Electronics Ban on U.S.-bound Flights from Middle East

by Crissandra Ayroso
electronics ban on u.s. bound flights from the middle east

In a precautionary effort to bolster airline security, the U.S. government has imposed an indefinite electronics ban on all passengers travelling on direct flights from the Middle East and North Africa to the U.S.

The ban went into effect as of today, Mar.21, however the ban was originally announced a few weeks ago to go into effect Mar. 24.

The reason and timing for the ban was unspecified. The U.S. Department of Homeland Security explained on their website the reason for the ban was based on new intelligence, as well as a continual assessment and evaluation of the threat environment. Airlines affected by the ban have 96 hours to comply or will be barred from flying into the U.S.


What electronics devices are and aren’t allowed

Cell phones, smartphones, as well as approved medical devices may require additional screening but are allowed onboard in the cabin. According to the Department of Homeland Security website, the “TSA [Transportation Security Administration] seeks to balance risk with impacts to the traveling public and has determined that cell phones and smartphones will be allowed in accessible property at this time.”

Electronic devices larger than a cell phone must be secured in the checked luggage hold, and include, but are not limited to:

portable DVD players
electronic game units larger than a smartphone
travel printers/scanners

Dimensions of electronic devices that measure “larger than a cell phone” are decided at the discretion by each airline affected by the ban. Egypt Air released its specific dimensions of what measures larger than a cell phone, which are 16 cm x 9.3 cm x 1.5 cm.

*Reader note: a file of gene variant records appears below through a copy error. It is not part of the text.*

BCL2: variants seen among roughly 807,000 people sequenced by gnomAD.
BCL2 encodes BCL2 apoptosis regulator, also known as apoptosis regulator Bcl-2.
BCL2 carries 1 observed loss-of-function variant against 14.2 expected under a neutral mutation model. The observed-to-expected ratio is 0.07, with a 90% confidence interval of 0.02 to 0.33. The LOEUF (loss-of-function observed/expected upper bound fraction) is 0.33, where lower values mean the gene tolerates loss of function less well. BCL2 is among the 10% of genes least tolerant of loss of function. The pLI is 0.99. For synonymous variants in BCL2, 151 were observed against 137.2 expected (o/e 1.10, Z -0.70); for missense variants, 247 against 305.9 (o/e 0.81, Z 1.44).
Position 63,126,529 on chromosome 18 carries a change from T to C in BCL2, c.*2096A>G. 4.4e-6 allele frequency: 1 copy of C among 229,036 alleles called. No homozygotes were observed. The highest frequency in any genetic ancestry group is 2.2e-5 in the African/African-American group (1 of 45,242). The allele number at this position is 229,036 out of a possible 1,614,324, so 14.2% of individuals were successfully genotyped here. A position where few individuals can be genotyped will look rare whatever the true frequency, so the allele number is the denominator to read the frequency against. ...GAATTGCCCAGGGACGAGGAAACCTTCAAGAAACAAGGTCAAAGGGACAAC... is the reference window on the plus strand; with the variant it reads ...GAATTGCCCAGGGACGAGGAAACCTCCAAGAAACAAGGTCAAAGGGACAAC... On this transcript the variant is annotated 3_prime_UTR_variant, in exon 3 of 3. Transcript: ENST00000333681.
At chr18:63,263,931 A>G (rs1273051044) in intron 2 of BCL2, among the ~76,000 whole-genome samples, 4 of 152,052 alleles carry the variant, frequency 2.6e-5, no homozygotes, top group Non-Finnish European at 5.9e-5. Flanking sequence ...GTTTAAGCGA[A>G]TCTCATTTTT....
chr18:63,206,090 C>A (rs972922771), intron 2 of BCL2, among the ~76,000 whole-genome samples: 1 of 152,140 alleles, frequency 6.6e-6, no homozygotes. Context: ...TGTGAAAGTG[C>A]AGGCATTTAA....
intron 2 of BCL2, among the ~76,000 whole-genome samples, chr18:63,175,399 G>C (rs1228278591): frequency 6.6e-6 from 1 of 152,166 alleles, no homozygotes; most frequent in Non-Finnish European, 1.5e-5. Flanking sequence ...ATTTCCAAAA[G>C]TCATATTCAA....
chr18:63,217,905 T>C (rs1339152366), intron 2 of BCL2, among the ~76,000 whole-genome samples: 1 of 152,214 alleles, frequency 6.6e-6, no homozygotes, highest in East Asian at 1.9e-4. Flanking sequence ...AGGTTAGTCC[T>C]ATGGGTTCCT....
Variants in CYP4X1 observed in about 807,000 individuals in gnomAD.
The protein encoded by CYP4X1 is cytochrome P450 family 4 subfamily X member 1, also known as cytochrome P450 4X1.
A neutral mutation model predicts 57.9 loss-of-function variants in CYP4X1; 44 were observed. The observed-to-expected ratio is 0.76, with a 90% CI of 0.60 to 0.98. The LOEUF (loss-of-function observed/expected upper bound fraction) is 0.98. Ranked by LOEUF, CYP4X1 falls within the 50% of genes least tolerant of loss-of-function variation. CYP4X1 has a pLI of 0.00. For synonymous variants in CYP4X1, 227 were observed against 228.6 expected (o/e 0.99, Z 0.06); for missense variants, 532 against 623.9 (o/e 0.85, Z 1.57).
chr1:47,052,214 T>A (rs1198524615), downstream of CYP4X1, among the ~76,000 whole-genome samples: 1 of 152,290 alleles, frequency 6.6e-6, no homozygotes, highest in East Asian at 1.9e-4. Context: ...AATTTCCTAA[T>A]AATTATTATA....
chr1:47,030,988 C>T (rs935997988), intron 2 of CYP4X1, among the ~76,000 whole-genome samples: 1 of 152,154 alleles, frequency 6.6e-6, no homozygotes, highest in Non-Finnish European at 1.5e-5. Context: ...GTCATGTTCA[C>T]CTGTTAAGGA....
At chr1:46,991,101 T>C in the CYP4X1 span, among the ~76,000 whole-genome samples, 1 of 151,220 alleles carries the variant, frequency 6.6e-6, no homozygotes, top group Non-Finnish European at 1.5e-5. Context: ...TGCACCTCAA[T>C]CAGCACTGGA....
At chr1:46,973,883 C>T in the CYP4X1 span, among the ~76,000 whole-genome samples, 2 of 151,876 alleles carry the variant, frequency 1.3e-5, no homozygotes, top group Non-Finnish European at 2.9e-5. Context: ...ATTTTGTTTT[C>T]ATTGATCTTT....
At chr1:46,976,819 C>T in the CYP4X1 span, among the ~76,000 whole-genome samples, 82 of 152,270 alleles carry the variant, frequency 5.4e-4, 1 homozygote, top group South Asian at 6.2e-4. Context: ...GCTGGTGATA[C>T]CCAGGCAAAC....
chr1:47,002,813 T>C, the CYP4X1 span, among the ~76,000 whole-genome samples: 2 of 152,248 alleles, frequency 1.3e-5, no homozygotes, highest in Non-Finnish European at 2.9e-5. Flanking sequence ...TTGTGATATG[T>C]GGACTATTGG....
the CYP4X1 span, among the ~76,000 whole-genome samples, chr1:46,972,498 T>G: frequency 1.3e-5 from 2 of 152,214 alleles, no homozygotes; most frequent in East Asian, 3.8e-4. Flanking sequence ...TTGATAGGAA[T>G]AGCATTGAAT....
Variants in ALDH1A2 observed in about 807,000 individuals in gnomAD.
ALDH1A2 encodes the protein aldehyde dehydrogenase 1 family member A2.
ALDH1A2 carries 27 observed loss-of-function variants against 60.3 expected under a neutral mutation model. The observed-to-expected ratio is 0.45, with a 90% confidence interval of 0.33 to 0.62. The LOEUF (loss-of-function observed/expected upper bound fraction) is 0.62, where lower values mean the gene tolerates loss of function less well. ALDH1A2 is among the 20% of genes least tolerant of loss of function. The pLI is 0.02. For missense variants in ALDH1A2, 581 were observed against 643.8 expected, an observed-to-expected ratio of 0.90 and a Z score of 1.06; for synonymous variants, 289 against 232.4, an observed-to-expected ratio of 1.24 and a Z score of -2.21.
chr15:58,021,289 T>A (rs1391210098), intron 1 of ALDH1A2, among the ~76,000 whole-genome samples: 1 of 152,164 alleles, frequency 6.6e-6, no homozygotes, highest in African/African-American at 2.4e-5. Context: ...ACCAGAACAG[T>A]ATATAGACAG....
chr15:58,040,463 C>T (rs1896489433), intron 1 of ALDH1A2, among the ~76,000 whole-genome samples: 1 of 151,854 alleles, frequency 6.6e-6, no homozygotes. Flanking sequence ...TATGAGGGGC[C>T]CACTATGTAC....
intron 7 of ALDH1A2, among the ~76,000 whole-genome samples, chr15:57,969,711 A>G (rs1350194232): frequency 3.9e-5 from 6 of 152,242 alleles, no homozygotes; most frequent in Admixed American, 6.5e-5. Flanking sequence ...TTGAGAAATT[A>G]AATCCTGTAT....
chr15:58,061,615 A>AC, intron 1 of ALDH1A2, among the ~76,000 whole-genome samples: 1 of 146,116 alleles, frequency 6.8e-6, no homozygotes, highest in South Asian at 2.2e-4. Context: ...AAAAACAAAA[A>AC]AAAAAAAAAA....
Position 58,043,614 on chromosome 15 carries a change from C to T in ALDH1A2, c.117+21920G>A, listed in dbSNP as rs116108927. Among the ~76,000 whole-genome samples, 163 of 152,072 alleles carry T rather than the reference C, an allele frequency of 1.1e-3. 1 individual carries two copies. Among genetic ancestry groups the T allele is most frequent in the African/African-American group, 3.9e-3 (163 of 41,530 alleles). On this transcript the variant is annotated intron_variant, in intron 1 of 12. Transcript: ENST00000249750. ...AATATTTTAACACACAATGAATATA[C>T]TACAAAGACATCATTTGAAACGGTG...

Lithium batteries in checked luggage should not be transported in the luggage hold of an aircraft. Individual airlines should be contacted for more information.


What airlines are affected

Royal Jordanian Airlines, Egypt Air, Turkish Airlines, Saudi Arabian Airlines, Kuwait Airways, Royal Air Maroc, Qatar Airways, Emirates, and Etihad Airways.


What countries and airports are included in the ban

Flights to the United States from these 10 international airports are affected by the electronics ban:

Amman, Jordan Queen Alia International Airport (AMM)

Cairo, Egypt Cairo International Airport (CAI)

Istanbul, Turkey Ataturk International Airport (IST)

Jeddah, Saudi Arabia King Abdul-Aziz International Airport (JED)

Riyadh, Saudi Arabia King Khalid International Airport (RUH)

Kuwait City, Kuwait Kuwait International Airport (KWI)

Casablanca, Morocco Mohammed V Airport (CMN)

Doha, Qatar Hamad International Airport (DOH)

Dubai, United Arab Emirates Dubai International Airport (DXB)

Abu Dhabi, United Arab Emirates Abu Dhabi International Airport (AUH)


Following the lead of the United States?

Great Britain followed suit with a similar ban which applies to domestic and foreign inbound flights coming from Egypt, Jordan, Lebanon, Saudi Arabia, Tunisia, and Turkey. But unlike the U.S., the British ban applies to all electronic devices, including cell phones.

Canada’s transport minister Marc Garneau said the federal government will take a close look at the circumstances behind the U.S. and Great Britain bans to “expeditiously” decide if Canada will follow lead, according to the Canadian Press.




For more information on the electronics devices ban, contact a Flight Centre Travel Expert by connecting with us online, calling 1-877-967-5302, or visiting your closest Flight Centre store.




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